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Cyber Liability Trends In Ministry

Cyber Liability continues to be a major issue for many ministries. Is Cyber Liability part of your Business Insurance Program? In today’s data-driven social media world, businesses of all sizes have had a cyber-attack or data breach. Statistics show 40% of all cyber incidents affect businesses with fewer than 100 employees. With the recent Target breach, many individuals and businesses are considering cyber or identity theft insurance.

Here are a few examples:

  • A University of Texas student hacked school network and stole 4,719 student and faculty social security numbers.
  • A hacker successfully obtains sensitive personal information from the insured’s computer system. As a result, a number of donors bring a claim against the insured for allowing access to their personal information. Total cost to business was over $75,000.
  • The insured’s Chief Customer Service Officer has his laptop stolen. The laptop contains over 100,000 donor records, including their personal contact information. Notification cost ran over $200,000.
  • An insured receives an email that appeared to be from its bank but was not. The insured’s employee opened the email, which activated a computer virus called a Trojan horse that reads key strokes from their computer. The perpetrator used this means to obtain banking and password information and initiate a fraudulent electronic wire transfer from the insured’s bank account Total loss to business was $55,000.

Some Items to Consider

  • With more companies beginning to store information on the “cloud” there will be more universal breaches causing greater losses.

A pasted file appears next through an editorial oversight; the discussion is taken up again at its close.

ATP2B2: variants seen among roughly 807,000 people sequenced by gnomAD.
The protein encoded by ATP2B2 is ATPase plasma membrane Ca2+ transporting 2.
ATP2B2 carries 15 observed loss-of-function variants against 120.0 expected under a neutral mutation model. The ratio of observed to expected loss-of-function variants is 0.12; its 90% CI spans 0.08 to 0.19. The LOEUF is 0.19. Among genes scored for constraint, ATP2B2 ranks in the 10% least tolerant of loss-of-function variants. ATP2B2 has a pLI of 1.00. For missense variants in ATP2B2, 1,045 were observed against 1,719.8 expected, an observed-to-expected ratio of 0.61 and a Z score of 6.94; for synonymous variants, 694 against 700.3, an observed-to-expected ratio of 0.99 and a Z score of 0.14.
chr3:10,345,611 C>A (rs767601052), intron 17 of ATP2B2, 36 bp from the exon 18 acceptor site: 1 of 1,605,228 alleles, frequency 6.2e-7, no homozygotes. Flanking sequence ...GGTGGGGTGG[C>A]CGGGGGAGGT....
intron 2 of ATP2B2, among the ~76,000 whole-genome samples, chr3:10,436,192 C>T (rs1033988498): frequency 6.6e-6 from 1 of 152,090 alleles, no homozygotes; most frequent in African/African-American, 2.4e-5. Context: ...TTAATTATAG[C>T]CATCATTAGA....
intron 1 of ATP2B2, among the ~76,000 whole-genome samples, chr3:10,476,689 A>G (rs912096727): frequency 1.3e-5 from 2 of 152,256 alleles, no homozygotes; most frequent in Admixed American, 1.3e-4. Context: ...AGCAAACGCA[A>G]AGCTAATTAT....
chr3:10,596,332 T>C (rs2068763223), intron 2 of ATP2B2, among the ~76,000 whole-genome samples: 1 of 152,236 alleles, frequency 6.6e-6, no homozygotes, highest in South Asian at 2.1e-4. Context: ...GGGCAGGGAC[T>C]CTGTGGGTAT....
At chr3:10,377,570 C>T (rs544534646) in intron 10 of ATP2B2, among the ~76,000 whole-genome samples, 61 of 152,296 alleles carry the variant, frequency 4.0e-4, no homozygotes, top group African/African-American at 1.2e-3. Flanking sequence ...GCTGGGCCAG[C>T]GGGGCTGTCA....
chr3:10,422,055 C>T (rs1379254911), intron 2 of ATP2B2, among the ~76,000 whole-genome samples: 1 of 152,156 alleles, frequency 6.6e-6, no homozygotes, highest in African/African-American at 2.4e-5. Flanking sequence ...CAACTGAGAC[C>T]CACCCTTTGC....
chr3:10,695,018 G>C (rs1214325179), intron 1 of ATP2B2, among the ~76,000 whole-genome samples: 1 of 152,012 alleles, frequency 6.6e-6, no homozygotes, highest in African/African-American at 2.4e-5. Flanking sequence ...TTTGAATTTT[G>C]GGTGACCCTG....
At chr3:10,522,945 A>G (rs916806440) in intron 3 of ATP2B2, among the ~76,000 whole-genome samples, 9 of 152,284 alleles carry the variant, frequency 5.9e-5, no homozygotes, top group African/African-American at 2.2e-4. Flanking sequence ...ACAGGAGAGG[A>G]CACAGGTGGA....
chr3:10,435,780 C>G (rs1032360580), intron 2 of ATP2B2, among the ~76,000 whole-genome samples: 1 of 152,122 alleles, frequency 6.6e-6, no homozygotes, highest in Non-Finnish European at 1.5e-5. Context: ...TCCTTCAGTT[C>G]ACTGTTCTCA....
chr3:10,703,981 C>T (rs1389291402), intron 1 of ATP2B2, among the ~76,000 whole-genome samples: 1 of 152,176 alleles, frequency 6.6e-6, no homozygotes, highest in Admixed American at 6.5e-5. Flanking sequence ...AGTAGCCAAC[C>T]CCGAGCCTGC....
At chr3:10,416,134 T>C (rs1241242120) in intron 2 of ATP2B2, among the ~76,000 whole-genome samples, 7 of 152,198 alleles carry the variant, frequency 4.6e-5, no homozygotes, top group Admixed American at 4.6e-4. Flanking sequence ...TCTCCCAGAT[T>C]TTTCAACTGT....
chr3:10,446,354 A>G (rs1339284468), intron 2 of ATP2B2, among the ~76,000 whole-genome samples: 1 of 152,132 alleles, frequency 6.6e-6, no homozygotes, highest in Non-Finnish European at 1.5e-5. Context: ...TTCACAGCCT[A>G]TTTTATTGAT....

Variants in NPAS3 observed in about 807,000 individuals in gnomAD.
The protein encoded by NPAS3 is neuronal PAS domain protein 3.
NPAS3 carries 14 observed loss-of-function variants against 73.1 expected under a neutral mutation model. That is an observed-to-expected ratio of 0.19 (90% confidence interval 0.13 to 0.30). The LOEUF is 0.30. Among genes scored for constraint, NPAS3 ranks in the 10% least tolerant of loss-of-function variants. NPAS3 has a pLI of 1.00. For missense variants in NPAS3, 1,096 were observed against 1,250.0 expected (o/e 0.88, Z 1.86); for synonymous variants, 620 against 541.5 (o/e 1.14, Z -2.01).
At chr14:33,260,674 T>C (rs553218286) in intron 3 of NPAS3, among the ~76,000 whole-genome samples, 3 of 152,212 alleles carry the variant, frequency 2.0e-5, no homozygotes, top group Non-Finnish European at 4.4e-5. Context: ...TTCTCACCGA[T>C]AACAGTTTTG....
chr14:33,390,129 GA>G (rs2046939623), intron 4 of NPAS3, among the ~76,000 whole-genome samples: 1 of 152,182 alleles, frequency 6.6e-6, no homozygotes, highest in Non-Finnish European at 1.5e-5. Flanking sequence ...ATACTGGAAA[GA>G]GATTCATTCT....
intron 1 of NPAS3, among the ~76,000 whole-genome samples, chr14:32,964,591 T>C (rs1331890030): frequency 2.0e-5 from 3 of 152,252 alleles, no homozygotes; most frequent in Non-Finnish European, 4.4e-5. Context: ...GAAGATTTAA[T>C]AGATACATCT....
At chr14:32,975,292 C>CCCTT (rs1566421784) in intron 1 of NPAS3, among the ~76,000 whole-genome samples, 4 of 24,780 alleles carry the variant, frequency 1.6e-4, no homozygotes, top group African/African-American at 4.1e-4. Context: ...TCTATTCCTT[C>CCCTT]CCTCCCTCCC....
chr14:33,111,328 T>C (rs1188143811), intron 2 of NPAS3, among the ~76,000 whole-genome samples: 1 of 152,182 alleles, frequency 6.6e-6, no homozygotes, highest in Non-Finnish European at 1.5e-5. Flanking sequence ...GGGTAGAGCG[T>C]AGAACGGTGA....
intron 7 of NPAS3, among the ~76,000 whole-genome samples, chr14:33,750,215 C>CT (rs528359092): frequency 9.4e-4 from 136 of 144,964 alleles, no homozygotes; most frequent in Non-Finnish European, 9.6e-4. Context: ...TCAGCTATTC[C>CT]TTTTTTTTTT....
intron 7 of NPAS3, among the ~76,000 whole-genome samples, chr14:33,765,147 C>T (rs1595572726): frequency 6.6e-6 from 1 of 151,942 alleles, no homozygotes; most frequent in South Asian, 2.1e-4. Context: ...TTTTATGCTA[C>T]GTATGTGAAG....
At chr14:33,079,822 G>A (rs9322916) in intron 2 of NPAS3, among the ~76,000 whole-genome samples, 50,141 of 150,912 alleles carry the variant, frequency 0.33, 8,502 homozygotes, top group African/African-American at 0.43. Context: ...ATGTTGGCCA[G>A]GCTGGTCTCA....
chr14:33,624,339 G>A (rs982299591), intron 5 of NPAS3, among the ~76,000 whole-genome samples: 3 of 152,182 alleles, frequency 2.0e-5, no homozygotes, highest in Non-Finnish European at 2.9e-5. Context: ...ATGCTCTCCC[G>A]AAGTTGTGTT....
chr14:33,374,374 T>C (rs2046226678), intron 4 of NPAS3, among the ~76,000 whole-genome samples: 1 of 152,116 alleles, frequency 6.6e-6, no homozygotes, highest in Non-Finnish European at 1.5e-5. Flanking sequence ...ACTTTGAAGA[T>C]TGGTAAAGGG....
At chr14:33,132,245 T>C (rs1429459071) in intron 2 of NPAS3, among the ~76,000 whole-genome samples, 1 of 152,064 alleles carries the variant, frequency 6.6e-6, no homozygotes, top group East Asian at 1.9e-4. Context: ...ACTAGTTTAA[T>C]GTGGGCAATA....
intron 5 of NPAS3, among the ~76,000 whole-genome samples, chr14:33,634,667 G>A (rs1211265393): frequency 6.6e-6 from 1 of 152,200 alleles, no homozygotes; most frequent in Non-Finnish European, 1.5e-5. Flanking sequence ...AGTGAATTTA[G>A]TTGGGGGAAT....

• Cyber Liability insurance is a real option providing value added coverage and services.
  • Industries most exposed are; healthcare, medical, retail, financial institutions, technology and hospitality,
  • Cyber recovery costs are rising, even with new technology.
  • Individual states will be beefing up mandatory reporting laws and imposing fines for lack of reporting.
  • New technologies will allow cyber-attacks to come through smart phones and tablets.
  • Small businesses may be the most prone, as they have the least protection.
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5 Insurance Myths

I get questions from churches all the time about their insurance options—especially when there are misunderstandings and myths about how insurance companies work. With accurate information, you can make decisions with more clarity and confidence.

My insurance company, Brotherhood Mutual can help separate fact from fiction with these 5 easy explanations of standard insurance questions;

Myth #1: We don’t need liability insurance. No one would sue a church.

Churches may have enjoyed some immunity from lawsuits in the past, but that’s not the reality anymore. Just like any other public gathering place, a church could get sued if someone were to get injured by slipping on an icy sidewalk or falling down stairs. Churches have also been sued for the sexual misconduct of former employees and volunteers.